12. My intent here was to speculate whether the trucker collapse will be the last straw. The stock market has been the only place to invest money since ZIRP became the Fed policy. Will anyone have the guts to raise interest rates to slow inflation ? I doubt it but maybe the economy is too fragile to tolerate another blow. I don’t know. As far as Tesla is concerned, my opinion is that it is built upon a foundation of sand. If electric cars and trucks really become a major method of transportation, where does the electricity come from ? It seems to me to resemble the California “bullet train.” The environmentalist left seems to be another example of people who have never made anything and who believe in magic. I just don’t see how we get out of this without a serious “correction,” whatever that may be.

  13. This is just one more opportunity to separate the men from the boys. The latest of many courtesy of the Biden maladministration. Those businesses with the most nimble management and adaptable business plans will do best.

    Over at Dan from Madison’s latest update about the supply chain, the holes showing up so far are a little surprising, not what we guessed going in.

    One topic that’s come up repeatedly is fasteners and our supposed dependence on China for them. For the more generic types, the supply is actually very diverse, spread throughout Asia and Europe primarily with China being important but not dominant. For high grade parts, China is hardly there at all. So there will be some scrambling but probably not long lasting disruption. It doesn’t take years of planning to install a cold heading machine.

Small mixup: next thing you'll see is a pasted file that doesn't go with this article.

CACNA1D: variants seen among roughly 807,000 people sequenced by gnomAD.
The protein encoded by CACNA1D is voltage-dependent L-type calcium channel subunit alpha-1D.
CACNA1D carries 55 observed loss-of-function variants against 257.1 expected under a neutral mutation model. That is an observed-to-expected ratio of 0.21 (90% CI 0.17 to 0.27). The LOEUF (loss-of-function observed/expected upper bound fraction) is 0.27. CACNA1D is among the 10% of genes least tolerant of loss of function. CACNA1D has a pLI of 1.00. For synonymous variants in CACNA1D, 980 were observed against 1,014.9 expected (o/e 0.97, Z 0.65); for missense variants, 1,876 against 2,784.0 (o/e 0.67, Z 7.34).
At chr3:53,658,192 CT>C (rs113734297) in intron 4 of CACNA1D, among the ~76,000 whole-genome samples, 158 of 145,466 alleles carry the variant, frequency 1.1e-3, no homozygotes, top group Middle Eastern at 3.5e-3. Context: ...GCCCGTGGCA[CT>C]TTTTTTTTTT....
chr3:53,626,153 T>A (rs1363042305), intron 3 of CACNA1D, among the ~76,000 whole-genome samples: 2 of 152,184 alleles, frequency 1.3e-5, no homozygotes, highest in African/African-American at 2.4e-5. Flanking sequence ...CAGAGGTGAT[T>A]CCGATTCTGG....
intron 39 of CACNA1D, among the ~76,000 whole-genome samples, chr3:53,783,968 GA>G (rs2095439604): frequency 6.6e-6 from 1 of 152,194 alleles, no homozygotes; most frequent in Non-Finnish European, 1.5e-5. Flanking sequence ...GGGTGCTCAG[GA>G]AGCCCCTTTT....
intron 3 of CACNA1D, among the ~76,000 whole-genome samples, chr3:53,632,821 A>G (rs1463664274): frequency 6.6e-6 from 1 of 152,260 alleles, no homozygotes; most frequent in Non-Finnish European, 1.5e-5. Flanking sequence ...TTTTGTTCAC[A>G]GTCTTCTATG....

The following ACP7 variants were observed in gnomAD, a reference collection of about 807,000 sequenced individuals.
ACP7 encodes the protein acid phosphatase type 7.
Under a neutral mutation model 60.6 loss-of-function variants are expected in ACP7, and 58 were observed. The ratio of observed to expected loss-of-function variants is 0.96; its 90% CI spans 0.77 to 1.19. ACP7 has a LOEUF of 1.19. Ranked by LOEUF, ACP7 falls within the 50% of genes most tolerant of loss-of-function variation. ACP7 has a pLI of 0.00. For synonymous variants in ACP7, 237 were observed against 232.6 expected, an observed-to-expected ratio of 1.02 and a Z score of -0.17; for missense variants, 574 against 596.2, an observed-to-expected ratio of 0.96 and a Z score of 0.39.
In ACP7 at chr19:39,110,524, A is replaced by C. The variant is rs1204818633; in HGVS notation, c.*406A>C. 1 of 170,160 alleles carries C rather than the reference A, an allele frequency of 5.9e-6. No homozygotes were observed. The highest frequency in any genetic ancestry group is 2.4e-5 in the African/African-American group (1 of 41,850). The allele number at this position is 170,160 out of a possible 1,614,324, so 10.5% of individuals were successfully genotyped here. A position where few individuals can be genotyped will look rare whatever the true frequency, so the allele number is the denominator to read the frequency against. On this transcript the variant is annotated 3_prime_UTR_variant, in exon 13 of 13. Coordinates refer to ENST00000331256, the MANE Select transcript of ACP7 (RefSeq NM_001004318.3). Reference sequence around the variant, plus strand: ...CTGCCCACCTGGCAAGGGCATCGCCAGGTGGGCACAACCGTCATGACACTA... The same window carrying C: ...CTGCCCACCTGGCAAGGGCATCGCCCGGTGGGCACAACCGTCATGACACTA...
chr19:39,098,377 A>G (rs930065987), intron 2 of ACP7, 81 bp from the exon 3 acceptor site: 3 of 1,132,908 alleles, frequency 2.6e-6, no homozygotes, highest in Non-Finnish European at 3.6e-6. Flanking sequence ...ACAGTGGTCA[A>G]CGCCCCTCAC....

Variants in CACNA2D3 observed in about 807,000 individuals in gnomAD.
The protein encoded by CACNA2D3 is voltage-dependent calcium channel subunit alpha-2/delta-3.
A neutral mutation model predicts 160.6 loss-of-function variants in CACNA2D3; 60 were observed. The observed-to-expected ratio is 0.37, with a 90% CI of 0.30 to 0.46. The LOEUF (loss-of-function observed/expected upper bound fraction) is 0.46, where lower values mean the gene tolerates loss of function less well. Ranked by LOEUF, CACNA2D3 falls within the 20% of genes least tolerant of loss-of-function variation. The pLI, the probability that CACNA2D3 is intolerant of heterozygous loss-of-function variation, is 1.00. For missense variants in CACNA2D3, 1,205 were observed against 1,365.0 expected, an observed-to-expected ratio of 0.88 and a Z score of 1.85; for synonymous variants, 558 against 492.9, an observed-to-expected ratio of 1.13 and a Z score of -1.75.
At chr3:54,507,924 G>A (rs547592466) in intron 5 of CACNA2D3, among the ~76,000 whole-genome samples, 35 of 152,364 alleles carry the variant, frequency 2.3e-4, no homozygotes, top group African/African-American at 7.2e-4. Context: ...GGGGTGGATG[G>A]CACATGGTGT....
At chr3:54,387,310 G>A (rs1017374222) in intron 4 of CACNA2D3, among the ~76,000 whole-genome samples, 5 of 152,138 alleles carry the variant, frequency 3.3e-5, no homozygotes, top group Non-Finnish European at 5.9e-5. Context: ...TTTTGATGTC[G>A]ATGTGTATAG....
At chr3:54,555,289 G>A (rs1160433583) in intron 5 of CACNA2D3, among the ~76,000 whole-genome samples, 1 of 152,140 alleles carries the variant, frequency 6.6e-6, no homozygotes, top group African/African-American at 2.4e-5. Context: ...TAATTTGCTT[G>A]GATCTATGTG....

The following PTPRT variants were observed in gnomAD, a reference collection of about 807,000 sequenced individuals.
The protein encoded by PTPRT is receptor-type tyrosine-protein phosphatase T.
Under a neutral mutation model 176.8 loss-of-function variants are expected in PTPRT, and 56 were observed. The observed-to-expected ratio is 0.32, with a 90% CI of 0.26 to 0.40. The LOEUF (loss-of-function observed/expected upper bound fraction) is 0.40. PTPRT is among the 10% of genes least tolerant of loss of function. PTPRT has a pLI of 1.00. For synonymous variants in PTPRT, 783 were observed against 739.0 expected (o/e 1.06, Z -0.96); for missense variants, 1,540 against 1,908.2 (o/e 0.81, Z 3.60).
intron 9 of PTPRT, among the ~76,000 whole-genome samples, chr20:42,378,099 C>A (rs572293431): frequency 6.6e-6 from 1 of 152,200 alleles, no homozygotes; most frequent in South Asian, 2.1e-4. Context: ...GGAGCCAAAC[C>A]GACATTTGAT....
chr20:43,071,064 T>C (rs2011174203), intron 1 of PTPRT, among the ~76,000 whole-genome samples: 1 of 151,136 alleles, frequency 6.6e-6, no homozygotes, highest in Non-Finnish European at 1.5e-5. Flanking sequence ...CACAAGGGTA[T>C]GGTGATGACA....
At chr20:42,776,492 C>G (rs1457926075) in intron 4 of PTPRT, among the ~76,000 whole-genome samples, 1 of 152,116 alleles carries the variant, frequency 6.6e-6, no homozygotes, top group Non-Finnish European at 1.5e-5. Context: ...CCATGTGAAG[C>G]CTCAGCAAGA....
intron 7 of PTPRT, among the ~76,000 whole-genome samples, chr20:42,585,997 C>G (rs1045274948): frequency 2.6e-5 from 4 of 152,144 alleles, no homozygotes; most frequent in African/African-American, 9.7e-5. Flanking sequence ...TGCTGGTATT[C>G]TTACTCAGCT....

On the other hand, if you’ve worked on a car lately, you’d see that about every fastener is bespoke with the manufacturers in an apparent contest to see just how many ways there are to design the driving heads and just how many sets of wrenches they can force mechanics to buy. We’re seeing lines shut down and new cars parked, waiting for the bespoke computer parts that are unavailable now, it will only take a supply chain that works slightly worse before it becomes impossible to have all the parts in one place to build any cars at all. The computers can be installed in a matter of minutes once they are available, a cylinder head bolt, not so easy.

    As for the stock market. The fact remains that for the great majority of stocks, no matter how well the company does and how much profit it generates, none of the money devolves to the stock holders. Their profit or loss depends entirely on the sentiment of some nebulous entity called “The Market”.

  14. More news today of the Canadian truckers’ actions.

    Truckers will be travelling to Ottawa saying they want to vocally protest Ottawa’s new vaccine rule. And support for Monday’s convoy is strong, say organizers.

    “My email and phone is blowing up, because of people like you who have simply had enough of this government,” Valentim said.

    As part of the new mandate, truck drivers must be fully vaccinated against COVID-19 or face a two week quarantine when crossing into Canada, however the trucking industry is facing challenges including supply chain disruptions and a driver shortage.

    The Canadian Trucking Alliance estimates the vaccine mandate could result in a loss of up to 16 thousand cross border drivers.

  15. Mike K: “My intent here was to speculate whether the trucker collapse will be the last straw.”